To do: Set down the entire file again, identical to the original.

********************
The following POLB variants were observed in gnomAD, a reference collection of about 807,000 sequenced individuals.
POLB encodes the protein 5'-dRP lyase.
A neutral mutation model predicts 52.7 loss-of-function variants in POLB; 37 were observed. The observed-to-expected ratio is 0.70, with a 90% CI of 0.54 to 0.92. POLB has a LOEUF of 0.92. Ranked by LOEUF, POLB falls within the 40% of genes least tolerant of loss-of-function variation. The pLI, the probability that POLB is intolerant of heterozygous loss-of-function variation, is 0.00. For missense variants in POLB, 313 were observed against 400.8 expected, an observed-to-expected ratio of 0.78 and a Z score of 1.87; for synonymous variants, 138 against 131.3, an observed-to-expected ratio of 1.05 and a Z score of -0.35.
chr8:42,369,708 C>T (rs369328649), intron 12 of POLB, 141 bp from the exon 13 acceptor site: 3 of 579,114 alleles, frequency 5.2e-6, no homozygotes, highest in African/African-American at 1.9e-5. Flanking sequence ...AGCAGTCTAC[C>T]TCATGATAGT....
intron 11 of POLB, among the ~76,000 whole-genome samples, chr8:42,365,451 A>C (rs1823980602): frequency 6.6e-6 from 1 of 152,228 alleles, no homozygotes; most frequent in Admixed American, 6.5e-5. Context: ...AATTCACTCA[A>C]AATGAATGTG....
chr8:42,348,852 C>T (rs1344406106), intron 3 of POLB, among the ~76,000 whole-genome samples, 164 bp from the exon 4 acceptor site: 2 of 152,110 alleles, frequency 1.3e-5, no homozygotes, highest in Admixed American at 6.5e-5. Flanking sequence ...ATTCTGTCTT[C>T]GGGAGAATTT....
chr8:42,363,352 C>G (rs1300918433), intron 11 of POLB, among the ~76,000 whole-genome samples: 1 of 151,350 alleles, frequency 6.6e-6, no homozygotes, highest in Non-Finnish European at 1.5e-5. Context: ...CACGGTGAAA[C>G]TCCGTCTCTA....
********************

The following POLB variants were observed in gnomAD, a reference collection of about 807,000 sequenced individuals.
POLB encodes the protein 5'-dRP lyase.
A neutral mutation model predicts 52.7 loss-of-function variants in POLB; 37 were observed. The observed-to-expected ratio is 0.70, with a 90% CI of 0.54 to 0.92. POLB has a LOEUF of 0.92. Ranked by LOEUF, POLB falls within the 40% of genes least tolerant of loss-of-function variation. The pLI, the probability that POLB is intolerant of heterozygous loss-of-function variation, is 0.00. For missense variants in POLB, 313 were observed against 400.8 expected, an observed-to-expected ratio of 0.78 and a Z score of 1.87; for synonymous variants, 138 against 131.3, an observed-to-expected ratio of 1.05 and a Z score of -0.35.
chr8:42,369,708 C>T (rs369328649), intron 12 of POLB, 141 bp from the exon 13 acceptor site: 3 of 579,114 alleles, frequency 5.2e-6, no homozygotes, highest in African/African-American at 1.9e-5. Flanking sequence ...AGCAGTCTAC[C>T]TCATGATAGT....
intron 11 of POLB, among the ~76,000 whole-genome samples, chr8:42,365,451 A>C (rs1823980602): frequency 6.6e-6 from 1 of 152,228 alleles, no homozygotes; most frequent in Admixed American, 6.5e-5. Context: ...AATTCACTCA[A>C]AATGAATGTG....
chr8:42,348,852 C>T (rs1344406106), intron 3 of POLB, among the ~76,000 whole-genome samples, 164 bp from the exon 4 acceptor site: 2 of 152,110 alleles, frequency 1.3e-5, no homozygotes, highest in Admixed American at 6.5e-5. Flanking sequence ...ATTCTGTCTT[C>T]GGGAGAATTT....
chr8:42,363,352 C>G (rs1300918433), intron 11 of POLB, among the ~76,000 whole-genome samples: 1 of 151,350 alleles, frequency 6.6e-6, no homozygotes, highest in Non-Finnish European at 1.5e-5. Context: ...CACGGTGAAA[C>G]TCCGTCTCTA....